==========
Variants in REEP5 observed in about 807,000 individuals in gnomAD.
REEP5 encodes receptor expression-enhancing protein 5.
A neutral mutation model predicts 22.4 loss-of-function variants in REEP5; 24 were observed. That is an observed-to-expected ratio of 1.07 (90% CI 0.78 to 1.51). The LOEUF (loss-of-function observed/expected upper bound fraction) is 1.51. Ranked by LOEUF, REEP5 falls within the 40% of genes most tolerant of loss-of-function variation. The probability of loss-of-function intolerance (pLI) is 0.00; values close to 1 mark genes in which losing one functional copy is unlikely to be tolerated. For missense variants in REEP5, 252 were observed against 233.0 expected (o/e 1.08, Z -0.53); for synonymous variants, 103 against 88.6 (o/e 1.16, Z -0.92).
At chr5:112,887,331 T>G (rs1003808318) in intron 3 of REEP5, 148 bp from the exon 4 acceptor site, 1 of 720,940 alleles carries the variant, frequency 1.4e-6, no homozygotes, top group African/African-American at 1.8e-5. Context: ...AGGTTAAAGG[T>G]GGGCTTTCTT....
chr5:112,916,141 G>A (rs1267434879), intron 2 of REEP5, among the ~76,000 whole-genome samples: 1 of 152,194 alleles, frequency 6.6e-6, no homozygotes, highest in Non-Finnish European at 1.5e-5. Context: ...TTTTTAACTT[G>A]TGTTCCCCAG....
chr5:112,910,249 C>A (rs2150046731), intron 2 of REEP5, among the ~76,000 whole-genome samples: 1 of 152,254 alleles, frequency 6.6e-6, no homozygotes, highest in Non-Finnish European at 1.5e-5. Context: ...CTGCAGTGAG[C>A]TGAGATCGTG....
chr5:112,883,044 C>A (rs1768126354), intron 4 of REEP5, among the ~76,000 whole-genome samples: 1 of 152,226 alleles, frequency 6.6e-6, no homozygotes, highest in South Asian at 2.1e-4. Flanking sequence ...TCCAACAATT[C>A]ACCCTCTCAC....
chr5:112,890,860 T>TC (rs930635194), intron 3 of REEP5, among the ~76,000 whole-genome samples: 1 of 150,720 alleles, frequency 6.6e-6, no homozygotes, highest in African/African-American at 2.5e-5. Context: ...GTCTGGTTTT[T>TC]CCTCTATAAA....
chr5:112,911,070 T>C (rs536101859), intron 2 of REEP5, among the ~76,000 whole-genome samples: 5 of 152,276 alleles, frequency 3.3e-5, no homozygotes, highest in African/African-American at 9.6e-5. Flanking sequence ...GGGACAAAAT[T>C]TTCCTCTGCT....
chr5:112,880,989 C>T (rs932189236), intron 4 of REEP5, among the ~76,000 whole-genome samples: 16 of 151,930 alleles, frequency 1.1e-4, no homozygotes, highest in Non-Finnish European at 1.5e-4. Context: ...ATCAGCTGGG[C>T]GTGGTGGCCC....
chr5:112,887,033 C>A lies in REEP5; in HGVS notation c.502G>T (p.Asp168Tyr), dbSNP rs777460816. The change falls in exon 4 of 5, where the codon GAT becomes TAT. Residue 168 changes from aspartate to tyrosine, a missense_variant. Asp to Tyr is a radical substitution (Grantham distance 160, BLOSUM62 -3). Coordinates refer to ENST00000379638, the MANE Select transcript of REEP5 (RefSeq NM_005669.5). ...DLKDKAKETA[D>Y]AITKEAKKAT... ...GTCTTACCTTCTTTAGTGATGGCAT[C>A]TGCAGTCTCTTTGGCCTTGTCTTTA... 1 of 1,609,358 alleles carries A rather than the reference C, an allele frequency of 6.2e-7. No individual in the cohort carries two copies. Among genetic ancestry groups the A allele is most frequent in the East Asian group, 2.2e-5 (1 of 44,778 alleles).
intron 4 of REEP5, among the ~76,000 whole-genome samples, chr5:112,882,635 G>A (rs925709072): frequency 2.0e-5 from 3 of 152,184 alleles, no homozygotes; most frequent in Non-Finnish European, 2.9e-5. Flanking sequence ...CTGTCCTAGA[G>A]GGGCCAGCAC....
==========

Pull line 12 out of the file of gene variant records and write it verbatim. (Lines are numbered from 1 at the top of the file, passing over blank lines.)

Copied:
intron 4 of REEP5, among the ~76,000 whole-genome samples, chr5:112,882,635 G>A (rs925709072): frequency 2.0e-5 from 3 of 152,184 alleles, no homozygotes; most frequent in Non-Finnish European, 2.9e-5. Flanking sequence ...CTGTCCTAGA[G>A]GGGCCAGCAC....